I've been playing with the animation app called Doink and combining it with green screen FX in iMovie. Below is a short video showing a layered animation over still images.
There are SO many possibilities for this technique.
I created this tutorial showing the iPad steps for making an animation in Doink, the steps I went through to use that animation as a video layer in iMovie over still images and video. See below or at this link.
View my other post/tutorial called, The Aliens Have Landed, about how to make aliens run using Doink.
You can view my students' video all strung together in iMovie at the link above as well.
You may be interested in viewing my post that shares some tricks for using green screen with animation created in Keynote.
These tutorials show how to create our award winning Fugleflick, Careers in Art. This video was selected as the best student video of 2011 in the NextVista.org student contests.
You may also be interested in trying Rotoscoping on the iPads.
This is the technique that helped us put STEAM in the McGraw-Hill Stemie Awards and $5000 in our school's bank account!
View a bunch more ideas for Creating on iPads on my page dedicated to this topic here.
UPDATE: Carol shared her green screen + Doink animation with me below:
I just returned from conducting an iPad workshop with the wonderful art teachers in the Westfield Washington Schools in Indiana. They have received 30 iPads for each of their art rooms and needed training ASAP to learn how to teach their students to create on iPads.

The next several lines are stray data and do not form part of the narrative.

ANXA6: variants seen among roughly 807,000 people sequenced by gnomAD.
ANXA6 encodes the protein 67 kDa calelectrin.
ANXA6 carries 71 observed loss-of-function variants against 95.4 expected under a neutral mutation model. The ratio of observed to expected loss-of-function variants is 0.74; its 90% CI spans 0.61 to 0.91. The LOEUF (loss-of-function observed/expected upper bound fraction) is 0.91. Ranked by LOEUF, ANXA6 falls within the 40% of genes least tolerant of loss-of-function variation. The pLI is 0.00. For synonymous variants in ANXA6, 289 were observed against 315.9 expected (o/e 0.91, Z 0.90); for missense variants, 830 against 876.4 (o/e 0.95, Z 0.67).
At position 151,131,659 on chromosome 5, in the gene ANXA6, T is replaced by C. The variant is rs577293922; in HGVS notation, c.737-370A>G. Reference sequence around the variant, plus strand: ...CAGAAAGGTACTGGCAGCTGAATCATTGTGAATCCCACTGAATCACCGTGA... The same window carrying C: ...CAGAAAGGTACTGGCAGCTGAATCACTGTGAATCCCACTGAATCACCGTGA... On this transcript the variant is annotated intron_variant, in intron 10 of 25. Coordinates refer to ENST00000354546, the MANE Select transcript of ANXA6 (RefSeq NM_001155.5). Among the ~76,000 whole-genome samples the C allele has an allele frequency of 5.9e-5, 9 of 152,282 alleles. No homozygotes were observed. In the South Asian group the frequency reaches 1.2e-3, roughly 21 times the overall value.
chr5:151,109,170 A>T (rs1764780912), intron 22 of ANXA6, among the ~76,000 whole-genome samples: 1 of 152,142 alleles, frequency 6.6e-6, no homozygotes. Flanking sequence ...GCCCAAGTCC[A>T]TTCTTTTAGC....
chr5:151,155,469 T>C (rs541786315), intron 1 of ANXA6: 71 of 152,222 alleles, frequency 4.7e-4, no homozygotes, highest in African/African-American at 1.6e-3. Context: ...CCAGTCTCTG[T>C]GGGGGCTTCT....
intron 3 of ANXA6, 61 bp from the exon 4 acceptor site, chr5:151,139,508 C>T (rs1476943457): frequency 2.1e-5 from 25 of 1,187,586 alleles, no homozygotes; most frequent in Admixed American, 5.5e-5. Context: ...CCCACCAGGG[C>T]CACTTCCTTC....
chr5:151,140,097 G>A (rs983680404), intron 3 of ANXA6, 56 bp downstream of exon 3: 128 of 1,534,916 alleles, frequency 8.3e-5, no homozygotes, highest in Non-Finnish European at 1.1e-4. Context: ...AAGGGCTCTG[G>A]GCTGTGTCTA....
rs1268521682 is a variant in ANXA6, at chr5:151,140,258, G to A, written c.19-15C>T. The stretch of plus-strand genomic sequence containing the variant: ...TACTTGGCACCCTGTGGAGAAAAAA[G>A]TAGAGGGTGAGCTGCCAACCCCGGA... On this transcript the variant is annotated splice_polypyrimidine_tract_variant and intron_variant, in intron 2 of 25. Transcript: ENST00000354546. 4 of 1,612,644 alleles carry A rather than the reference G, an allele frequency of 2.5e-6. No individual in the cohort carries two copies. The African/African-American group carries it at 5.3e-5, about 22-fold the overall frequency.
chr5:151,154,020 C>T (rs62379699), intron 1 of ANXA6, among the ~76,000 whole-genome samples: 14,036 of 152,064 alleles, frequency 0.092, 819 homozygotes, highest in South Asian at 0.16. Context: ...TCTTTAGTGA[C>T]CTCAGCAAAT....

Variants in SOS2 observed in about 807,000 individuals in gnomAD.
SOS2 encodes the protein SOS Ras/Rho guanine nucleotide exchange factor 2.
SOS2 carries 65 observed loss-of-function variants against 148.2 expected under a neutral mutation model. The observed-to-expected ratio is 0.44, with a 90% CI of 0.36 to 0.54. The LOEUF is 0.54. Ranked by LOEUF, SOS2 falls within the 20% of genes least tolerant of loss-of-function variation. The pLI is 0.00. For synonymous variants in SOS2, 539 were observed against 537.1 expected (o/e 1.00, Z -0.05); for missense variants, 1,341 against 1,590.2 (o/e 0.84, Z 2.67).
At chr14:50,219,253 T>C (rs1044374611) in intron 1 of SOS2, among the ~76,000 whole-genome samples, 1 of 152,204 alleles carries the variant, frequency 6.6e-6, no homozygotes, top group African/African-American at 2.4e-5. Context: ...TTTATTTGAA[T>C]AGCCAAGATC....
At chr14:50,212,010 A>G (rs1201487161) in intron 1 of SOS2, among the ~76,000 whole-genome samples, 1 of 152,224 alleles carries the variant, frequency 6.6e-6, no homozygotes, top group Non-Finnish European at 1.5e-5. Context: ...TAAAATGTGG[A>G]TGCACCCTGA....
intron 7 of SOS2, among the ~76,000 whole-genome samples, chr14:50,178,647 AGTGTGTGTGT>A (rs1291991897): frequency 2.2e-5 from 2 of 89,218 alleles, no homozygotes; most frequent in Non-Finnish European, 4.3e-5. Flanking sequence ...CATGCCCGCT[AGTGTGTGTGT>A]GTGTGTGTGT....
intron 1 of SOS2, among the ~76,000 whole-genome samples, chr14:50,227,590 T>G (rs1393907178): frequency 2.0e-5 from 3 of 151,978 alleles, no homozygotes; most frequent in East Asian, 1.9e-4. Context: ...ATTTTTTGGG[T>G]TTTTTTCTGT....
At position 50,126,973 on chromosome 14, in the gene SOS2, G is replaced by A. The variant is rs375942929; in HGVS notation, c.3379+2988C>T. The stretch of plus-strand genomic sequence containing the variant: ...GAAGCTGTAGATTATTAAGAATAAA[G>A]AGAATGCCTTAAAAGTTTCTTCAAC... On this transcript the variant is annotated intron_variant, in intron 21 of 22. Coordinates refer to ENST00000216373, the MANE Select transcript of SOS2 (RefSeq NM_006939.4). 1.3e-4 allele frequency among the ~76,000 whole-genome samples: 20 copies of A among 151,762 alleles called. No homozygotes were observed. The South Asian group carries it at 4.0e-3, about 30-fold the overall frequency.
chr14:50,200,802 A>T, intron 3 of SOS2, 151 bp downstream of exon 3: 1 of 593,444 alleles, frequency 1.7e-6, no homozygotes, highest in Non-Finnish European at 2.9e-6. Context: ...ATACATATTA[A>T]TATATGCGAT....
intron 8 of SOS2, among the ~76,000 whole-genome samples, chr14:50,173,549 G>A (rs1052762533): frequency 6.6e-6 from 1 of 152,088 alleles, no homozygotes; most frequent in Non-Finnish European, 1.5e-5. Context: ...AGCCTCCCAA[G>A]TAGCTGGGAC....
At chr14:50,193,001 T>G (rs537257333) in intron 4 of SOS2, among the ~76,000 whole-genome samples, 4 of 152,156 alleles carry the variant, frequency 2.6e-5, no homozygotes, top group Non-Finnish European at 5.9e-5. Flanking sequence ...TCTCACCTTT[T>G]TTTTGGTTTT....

We went through some of the lessons I set up on my Creating on iPads page including:
The video above shows teachers displaying their Doink Animations. They very quickly learned to draw a creature in 4 or more stages of running and animate their drawing sequence across the stage in a composition.
Below is the (incomplete) collaborative animation made while exploring the rotoscope technique.
Thank you so much for spending your time with us! We really enjoyed learning from you and all that you shared. I am so excited about all the wonderful possibilities with the iPads and our students. We have been enjoying them so much already this year, and are ready to take things to the next level, with many of the tools you shared. Thanks again for all that you are doing for Art Education!!!!! It was by far (in my humble opinion) the best, most worthwhile professional development time for Art that we have had! It was so informative and the presenter was extremely knowledgeable. - Kathy
I am presently working on a Masters in Curriculum and Educational Technology, and yesterday was exactly what technology instruction should look like. In order for teachers to integrate more technology, we need time to "play" with the technology, create a product, come up with applications for our own curriculum, and have the opportunity to see another teacher model what that technology integration would look like in a classroom---and that is exactly what we were able to do with Tricia Fugelstad. It was also great to network with other Art teachers about their own classroom procedures, trouble shooting & student guidelines that they are using in their classrooms with ipads. I realize our district is moving toward technology instruction using podcasts and webinars to cut down on the cost of professional development in technology, but that method really only appeals to a teacher who is already pretty comfortable using technology. Thank you for the wonderful opportunity for WWS Art teachers to learn, plan, create and network with other professionals in a way that will help us design amazing work for our students in the future! -Lara